The name Pine Swamp comes from what we know today as the Beaver Dam which is actually the original Pine Swamp.
At one time there was a road over the mountain, an extension of the present day Pine Swamp Road that went up to the Beaver Dam atop the Allegheny Mountains. This was an old Indian Trail know as Hunters Trace, which came down over the mountain side following today's Pine Swamp Road and continuing through the Gap on the Cut Off Road by Kessel Lumber Co., and further up Hooker Hollow Road over the mountain connecting to the Stone House on Rte. 50. Before Route 50 was macamized this trail was visible.


Another old community was the Buck Horn settlement on or near the Pine Swamp Road. At the height of the orchard industry in this area in the early 1900's there wsa a large peach orchard there.


J.B. Rees owned the first car in New Creek in 1911.
Electricity was supplied to those living in New Creek @ 1930. It was not until 1940 that the Cut Off Road residents received this power. Many homes had some form of battery powered or Delco sets to provide electricity.
Church records at Sunnyside show the congregation voted to have electricity installed in the building under construction in 1938. Oil lamps had provided illumination, also typical in homes, for the years prior to electricity.
The Flood of 1912 wrecked considerable havoc along New Creek Valley, washing homes and buildings from their foundations. A newspaper clipping recording the tragic deaths in 1912 of Daniel Webster EAGLE, owner of a sawmill near Spencers Ridge along New Creek, and two of his employees, explain the circumstances of their deaths.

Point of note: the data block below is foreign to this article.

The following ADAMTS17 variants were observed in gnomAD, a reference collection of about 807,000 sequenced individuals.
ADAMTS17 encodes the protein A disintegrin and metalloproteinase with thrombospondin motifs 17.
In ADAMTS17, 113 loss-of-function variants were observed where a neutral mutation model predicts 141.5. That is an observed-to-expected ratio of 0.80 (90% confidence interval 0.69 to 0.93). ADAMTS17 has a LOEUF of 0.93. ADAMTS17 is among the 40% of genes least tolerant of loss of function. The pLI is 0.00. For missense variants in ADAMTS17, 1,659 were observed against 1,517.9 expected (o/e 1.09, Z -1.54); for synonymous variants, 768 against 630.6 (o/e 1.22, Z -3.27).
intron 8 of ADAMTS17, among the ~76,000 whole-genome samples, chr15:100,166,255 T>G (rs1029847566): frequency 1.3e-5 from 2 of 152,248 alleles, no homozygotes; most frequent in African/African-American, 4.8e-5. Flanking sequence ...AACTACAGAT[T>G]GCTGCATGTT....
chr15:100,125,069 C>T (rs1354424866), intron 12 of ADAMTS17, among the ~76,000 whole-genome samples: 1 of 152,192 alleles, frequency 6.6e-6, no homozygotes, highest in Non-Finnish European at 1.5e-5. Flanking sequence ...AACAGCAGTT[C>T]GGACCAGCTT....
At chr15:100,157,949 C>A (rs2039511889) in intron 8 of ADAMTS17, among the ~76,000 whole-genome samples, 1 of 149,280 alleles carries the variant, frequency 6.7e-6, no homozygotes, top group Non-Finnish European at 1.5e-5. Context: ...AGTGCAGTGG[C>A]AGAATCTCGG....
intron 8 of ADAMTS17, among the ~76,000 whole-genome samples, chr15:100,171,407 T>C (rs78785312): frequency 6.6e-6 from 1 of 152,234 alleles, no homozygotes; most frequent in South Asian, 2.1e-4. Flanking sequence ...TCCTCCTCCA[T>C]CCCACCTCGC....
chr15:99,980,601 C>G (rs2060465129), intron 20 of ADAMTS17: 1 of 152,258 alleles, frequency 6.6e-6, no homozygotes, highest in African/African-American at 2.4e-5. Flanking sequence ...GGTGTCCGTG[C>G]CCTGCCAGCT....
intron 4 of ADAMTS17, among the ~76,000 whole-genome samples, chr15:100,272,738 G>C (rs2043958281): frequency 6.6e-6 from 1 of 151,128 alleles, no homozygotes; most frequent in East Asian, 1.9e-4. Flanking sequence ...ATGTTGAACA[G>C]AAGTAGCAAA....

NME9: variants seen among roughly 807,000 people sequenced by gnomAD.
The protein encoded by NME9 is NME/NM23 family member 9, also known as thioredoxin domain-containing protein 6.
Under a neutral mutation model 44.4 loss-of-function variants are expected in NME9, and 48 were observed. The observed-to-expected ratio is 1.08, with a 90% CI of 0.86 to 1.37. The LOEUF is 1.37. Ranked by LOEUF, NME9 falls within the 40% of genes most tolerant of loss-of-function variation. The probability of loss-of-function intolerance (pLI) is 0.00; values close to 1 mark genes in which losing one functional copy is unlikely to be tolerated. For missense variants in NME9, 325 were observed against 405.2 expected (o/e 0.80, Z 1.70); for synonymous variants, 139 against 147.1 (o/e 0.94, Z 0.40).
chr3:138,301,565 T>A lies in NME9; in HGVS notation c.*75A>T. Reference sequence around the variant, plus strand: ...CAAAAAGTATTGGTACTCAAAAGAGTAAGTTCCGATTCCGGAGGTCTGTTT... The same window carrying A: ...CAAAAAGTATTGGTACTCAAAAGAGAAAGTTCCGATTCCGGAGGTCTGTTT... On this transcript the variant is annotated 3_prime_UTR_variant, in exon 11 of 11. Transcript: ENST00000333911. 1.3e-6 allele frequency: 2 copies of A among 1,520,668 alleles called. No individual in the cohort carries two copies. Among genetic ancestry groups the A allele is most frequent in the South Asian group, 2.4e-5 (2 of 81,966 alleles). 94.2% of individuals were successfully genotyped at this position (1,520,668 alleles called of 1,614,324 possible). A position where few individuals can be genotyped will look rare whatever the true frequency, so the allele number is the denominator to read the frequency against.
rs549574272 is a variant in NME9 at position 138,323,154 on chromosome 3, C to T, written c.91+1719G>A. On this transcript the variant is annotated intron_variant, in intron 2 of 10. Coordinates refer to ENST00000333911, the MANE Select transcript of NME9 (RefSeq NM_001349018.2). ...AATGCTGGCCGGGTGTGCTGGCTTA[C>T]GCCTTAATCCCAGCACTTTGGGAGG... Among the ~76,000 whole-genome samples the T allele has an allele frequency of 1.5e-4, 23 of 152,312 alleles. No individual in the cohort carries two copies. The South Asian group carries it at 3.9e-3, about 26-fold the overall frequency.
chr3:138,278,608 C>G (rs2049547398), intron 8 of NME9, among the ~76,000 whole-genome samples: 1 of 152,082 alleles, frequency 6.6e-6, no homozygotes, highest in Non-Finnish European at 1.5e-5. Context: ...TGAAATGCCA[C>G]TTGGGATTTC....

Quoting from the clipping: "The sawmill employees were attempting to start an old saw mill setting along New Creek. The mill and engine had been inundated by the big flood, and would no doubt have been carried away had they not been chained fast. The mill had not been in operation since the flood and the supposition is that sand had settled in the engine and clogged up the machinery to such an extent that the steam gage would not register. The engine was thrown a distance of 60 ft. in the explosion which resulted in tech death of Mr. Eagle, and his two mill employees. The sadness of the affair was more intensified when on one of the grave diggers for the explosion victims was struck in the head by a stone thrown from the Eagle grave by a charge of dynamite used to aid in digging through almost solid rock in the Duling cemetery. Fred DAVIS, the victim was the victim. The had fired the blasts, ran from one side of the cemetery to the other, caught hold of a small cedar tree at the head of one of the graves, turned his head to look up for falling stone, but the sun was shining in his face and prevented him from seeing the falling missile.


This information was taken from "Mineral County WV Traits Tracks and Trails". Special thanks to Betty Bane Dzubba, Author and Robert Rummer, Editor for granting us permission to use this on the Mineral County USGenWeb site.